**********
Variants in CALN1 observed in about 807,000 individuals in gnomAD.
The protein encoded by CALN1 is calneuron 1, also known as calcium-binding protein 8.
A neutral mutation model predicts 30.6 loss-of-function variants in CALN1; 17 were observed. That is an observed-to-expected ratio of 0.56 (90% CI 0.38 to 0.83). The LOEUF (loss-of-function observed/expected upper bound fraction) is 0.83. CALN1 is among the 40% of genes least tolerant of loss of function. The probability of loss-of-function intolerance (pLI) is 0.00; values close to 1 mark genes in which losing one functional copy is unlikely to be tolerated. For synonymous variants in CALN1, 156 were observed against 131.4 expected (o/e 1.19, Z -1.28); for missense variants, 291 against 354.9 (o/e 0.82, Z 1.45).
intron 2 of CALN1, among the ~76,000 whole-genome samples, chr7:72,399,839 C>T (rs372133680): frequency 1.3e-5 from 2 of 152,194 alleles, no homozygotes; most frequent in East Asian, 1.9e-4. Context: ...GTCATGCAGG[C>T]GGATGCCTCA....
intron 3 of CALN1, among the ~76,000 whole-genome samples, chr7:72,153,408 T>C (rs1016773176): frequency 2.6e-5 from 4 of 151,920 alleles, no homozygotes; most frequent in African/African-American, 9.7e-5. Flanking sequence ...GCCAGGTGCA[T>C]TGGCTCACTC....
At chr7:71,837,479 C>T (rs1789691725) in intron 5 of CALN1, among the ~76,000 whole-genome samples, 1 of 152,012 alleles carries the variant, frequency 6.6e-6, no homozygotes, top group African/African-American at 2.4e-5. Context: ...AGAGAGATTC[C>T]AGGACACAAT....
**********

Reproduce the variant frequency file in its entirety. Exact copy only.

Variants in CALN1 observed in about 807,000 individuals in gnomAD.
The protein encoded by CALN1 is calneuron 1, also known as calcium-binding protein 8.
A neutral mutation model predicts 30.6 loss-of-function variants in CALN1; 17 were observed. That is an observed-to-expected ratio of 0.56 (90% CI 0.38 to 0.83). The LOEUF (loss-of-function observed/expected upper bound fraction) is 0.83. CALN1 is among the 40% of genes least tolerant of loss of function. The probability of loss-of-function intolerance (pLI) is 0.00; values close to 1 mark genes in which losing one functional copy is unlikely to be tolerated. For synonymous variants in CALN1, 156 were observed against 131.4 expected (o/e 1.19, Z -1.28); for missense variants, 291 against 354.9 (o/e 0.82, Z 1.45).
intron 2 of CALN1, among the ~76,000 whole-genome samples, chr7:72,399,839 C>T (rs372133680): frequency 1.3e-5 from 2 of 152,194 alleles, no homozygotes; most frequent in East Asian, 1.9e-4. Context: ...GTCATGCAGG[C>T]GGATGCCTCA....
intron 3 of CALN1, among the ~76,000 whole-genome samples, chr7:72,153,408 T>C (rs1016773176): frequency 2.6e-5 from 4 of 151,920 alleles, no homozygotes; most frequent in African/African-American, 9.7e-5. Flanking sequence ...GCCAGGTGCA[T>C]TGGCTCACTC....
At chr7:71,837,479 C>T (rs1789691725) in intron 5 of CALN1, among the ~76,000 whole-genome samples, 1 of 152,012 alleles carries the variant, frequency 6.6e-6, no homozygotes, top group African/African-American at 2.4e-5. Context: ...AGAGAGATTC[C>T]AGGACACAAT....